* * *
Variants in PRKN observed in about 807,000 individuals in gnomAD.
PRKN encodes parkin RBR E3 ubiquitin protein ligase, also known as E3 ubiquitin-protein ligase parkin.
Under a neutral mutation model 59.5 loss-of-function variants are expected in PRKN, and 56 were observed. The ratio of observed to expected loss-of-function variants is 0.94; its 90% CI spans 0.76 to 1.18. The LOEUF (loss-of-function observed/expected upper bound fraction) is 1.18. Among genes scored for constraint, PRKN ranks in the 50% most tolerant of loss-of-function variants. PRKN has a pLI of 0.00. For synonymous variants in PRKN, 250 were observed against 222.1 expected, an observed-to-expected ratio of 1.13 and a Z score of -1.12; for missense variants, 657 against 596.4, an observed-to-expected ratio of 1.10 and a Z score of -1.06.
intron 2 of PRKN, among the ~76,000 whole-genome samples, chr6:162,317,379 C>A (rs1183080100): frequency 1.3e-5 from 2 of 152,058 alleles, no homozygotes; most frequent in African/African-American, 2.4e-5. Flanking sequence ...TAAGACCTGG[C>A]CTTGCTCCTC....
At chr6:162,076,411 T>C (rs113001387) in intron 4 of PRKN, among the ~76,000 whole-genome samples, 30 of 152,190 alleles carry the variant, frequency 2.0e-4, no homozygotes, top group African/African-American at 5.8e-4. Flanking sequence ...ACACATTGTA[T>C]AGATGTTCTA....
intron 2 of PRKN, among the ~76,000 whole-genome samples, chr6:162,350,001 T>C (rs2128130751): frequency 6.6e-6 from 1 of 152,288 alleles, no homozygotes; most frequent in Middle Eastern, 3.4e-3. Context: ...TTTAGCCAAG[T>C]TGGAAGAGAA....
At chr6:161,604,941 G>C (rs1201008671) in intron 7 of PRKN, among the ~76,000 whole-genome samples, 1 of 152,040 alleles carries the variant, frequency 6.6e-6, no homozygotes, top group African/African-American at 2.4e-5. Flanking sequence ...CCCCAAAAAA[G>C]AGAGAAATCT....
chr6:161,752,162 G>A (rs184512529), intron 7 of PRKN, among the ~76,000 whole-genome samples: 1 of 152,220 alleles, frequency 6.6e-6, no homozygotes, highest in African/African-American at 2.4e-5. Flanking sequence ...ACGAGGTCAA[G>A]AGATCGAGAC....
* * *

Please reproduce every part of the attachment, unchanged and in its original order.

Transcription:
Variants in PRKN observed in about 807,000 individuals in gnomAD.
PRKN encodes parkin RBR E3 ubiquitin protein ligase, also known as E3 ubiquitin-protein ligase parkin.
Under a neutral mutation model 59.5 loss-of-function variants are expected in PRKN, and 56 were observed. The ratio of observed to expected loss-of-function variants is 0.94; its 90% CI spans 0.76 to 1.18. The LOEUF (loss-of-function observed/expected upper bound fraction) is 1.18. Among genes scored for constraint, PRKN ranks in the 50% most tolerant of loss-of-function variants. PRKN has a pLI of 0.00. For synonymous variants in PRKN, 250 were observed against 222.1 expected, an observed-to-expected ratio of 1.13 and a Z score of -1.12; for missense variants, 657 against 596.4, an observed-to-expected ratio of 1.10 and a Z score of -1.06.
intron 2 of PRKN, among the ~76,000 whole-genome samples, chr6:162,317,379 C>A (rs1183080100): frequency 1.3e-5 from 2 of 152,058 alleles, no homozygotes; most frequent in African/African-American, 2.4e-5. Flanking sequence ...TAAGACCTGG[C>A]CTTGCTCCTC....
At chr6:162,076,411 T>C (rs113001387) in intron 4 of PRKN, among the ~76,000 whole-genome samples, 30 of 152,190 alleles carry the variant, frequency 2.0e-4, no homozygotes, top group African/African-American at 5.8e-4. Flanking sequence ...ACACATTGTA[T>C]AGATGTTCTA....
intron 2 of PRKN, among the ~76,000 whole-genome samples, chr6:162,350,001 T>C (rs2128130751): frequency 6.6e-6 from 1 of 152,288 alleles, no homozygotes; most frequent in Middle Eastern, 3.4e-3. Context: ...TTTAGCCAAG[T>C]TGGAAGAGAA....
At chr6:161,604,941 G>C (rs1201008671) in intron 7 of PRKN, among the ~76,000 whole-genome samples, 1 of 152,040 alleles carries the variant, frequency 6.6e-6, no homozygotes, top group African/African-American at 2.4e-5. Flanking sequence ...CCCCAAAAAA[G>C]AGAGAAATCT....
chr6:161,752,162 G>A (rs184512529), intron 7 of PRKN, among the ~76,000 whole-genome samples: 1 of 152,220 alleles, frequency 6.6e-6, no homozygotes, highest in African/African-American at 2.4e-5. Flanking sequence ...ACGAGGTCAA[G>A]AGATCGAGAC....